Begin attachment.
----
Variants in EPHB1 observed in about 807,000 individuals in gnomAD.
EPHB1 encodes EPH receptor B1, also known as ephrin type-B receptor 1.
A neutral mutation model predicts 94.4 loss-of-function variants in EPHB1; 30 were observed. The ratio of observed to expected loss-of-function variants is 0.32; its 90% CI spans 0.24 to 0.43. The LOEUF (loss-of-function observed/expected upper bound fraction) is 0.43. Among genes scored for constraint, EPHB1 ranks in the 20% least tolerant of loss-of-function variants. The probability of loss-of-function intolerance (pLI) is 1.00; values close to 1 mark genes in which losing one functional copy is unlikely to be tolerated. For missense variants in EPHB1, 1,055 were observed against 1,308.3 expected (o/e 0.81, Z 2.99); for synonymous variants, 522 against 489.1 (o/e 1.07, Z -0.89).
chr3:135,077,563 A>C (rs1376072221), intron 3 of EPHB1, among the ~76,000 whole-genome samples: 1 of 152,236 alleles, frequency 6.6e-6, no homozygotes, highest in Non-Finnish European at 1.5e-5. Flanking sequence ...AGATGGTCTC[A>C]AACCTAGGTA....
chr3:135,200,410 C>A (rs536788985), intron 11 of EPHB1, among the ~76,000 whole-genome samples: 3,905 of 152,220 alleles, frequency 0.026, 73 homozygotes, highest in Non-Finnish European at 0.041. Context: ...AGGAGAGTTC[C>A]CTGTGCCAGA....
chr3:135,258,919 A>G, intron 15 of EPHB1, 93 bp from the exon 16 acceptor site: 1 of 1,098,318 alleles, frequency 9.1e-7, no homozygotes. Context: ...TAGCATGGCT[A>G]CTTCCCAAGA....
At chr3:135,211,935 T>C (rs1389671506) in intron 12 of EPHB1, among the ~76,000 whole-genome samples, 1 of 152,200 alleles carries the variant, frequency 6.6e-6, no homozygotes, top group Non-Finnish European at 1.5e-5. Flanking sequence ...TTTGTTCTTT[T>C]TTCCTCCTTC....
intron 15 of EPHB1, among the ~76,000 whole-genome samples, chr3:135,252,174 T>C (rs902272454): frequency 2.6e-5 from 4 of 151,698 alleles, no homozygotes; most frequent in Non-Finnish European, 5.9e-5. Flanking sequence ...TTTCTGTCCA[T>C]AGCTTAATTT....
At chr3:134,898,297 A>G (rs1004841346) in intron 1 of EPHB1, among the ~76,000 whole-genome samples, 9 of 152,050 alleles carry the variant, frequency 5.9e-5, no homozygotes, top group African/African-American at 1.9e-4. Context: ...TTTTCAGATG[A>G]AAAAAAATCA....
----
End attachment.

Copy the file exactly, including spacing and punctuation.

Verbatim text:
Variants in EPHB1 observed in about 807,000 individuals in gnomAD.
EPHB1 encodes EPH receptor B1, also known as ephrin type-B receptor 1.
A neutral mutation model predicts 94.4 loss-of-function variants in EPHB1; 30 were observed. The ratio of observed to expected loss-of-function variants is 0.32; its 90% CI spans 0.24 to 0.43. The LOEUF (loss-of-function observed/expected upper bound fraction) is 0.43. Among genes scored for constraint, EPHB1 ranks in the 20% least tolerant of loss-of-function variants. The probability of loss-of-function intolerance (pLI) is 1.00; values close to 1 mark genes in which losing one functional copy is unlikely to be tolerated. For missense variants in EPHB1, 1,055 were observed against 1,308.3 expected (o/e 0.81, Z 2.99); for synonymous variants, 522 against 489.1 (o/e 1.07, Z -0.89).
chr3:135,077,563 A>C (rs1376072221), intron 3 of EPHB1, among the ~76,000 whole-genome samples: 1 of 152,236 alleles, frequency 6.6e-6, no homozygotes, highest in Non-Finnish European at 1.5e-5. Flanking sequence ...AGATGGTCTC[A>C]AACCTAGGTA....
chr3:135,200,410 C>A (rs536788985), intron 11 of EPHB1, among the ~76,000 whole-genome samples: 3,905 of 152,220 alleles, frequency 0.026, 73 homozygotes, highest in Non-Finnish European at 0.041. Context: ...AGGAGAGTTC[C>A]CTGTGCCAGA....
chr3:135,258,919 A>G, intron 15 of EPHB1, 93 bp from the exon 16 acceptor site: 1 of 1,098,318 alleles, frequency 9.1e-7, no homozygotes. Context: ...TAGCATGGCT[A>G]CTTCCCAAGA....
At chr3:135,211,935 T>C (rs1389671506) in intron 12 of EPHB1, among the ~76,000 whole-genome samples, 1 of 152,200 alleles carries the variant, frequency 6.6e-6, no homozygotes, top group Non-Finnish European at 1.5e-5. Flanking sequence ...TTTGTTCTTT[T>C]TTCCTCCTTC....
intron 15 of EPHB1, among the ~76,000 whole-genome samples, chr3:135,252,174 T>C (rs902272454): frequency 2.6e-5 from 4 of 151,698 alleles, no homozygotes; most frequent in Non-Finnish European, 5.9e-5. Flanking sequence ...TTTCTGTCCA[T>C]AGCTTAATTT....
At chr3:134,898,297 A>G (rs1004841346) in intron 1 of EPHB1, among the ~76,000 whole-genome samples, 9 of 152,050 alleles carry the variant, frequency 5.9e-5, no homozygotes, top group African/African-American at 1.9e-4. Context: ...TTTTCAGATG[A>G]AAAAAAATCA....